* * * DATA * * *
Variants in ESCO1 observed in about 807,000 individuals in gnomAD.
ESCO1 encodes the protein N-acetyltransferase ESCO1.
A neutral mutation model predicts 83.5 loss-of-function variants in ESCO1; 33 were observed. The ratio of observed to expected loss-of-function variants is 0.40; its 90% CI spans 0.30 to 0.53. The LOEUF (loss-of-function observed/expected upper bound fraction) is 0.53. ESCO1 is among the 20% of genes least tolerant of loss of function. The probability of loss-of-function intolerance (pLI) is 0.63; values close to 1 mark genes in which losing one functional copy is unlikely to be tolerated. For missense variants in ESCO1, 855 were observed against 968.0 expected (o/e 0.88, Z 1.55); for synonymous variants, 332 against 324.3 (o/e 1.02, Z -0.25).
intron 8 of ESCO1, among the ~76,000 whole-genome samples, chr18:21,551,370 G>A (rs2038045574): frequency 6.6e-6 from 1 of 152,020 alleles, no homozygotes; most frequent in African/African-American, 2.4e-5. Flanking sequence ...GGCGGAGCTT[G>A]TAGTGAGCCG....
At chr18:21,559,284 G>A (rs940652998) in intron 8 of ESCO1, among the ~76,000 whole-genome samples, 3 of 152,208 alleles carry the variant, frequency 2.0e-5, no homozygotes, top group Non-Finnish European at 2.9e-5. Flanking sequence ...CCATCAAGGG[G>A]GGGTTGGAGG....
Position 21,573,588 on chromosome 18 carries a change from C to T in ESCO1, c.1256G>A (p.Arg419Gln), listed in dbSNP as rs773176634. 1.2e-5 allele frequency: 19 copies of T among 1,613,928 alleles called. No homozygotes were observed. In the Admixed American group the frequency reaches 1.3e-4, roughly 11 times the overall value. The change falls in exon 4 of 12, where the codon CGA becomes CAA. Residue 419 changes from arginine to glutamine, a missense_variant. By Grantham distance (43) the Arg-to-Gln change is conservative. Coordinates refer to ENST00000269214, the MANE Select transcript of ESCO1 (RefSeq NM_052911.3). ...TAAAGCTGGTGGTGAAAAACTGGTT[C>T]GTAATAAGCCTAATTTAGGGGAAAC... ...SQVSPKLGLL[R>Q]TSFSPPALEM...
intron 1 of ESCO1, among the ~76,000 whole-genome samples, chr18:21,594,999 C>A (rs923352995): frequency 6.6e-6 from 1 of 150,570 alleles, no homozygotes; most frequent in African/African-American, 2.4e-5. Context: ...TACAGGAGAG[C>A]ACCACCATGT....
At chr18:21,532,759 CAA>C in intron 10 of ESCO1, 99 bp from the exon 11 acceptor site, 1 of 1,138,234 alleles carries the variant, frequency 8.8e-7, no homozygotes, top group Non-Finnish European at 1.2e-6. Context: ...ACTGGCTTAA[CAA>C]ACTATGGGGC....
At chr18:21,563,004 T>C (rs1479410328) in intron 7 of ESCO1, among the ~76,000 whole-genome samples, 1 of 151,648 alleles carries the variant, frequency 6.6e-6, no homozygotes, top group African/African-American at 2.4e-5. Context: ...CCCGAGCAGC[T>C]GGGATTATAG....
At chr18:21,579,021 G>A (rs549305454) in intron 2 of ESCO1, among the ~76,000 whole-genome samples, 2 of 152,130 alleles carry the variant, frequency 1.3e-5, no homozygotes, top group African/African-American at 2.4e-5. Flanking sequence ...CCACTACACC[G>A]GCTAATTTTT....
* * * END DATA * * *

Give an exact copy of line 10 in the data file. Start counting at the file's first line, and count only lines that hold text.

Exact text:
At chr18:21,579,021 G>A (rs549305454) in intron 2 of ESCO1, among the ~76,000 whole-genome samples, 2 of 152,130 alleles carry the variant, frequency 1.3e-5, no homozygotes, top group African/African-American at 2.4e-5. Flanking sequence ...CCACTACACC[G>A]GCTAATTTTT....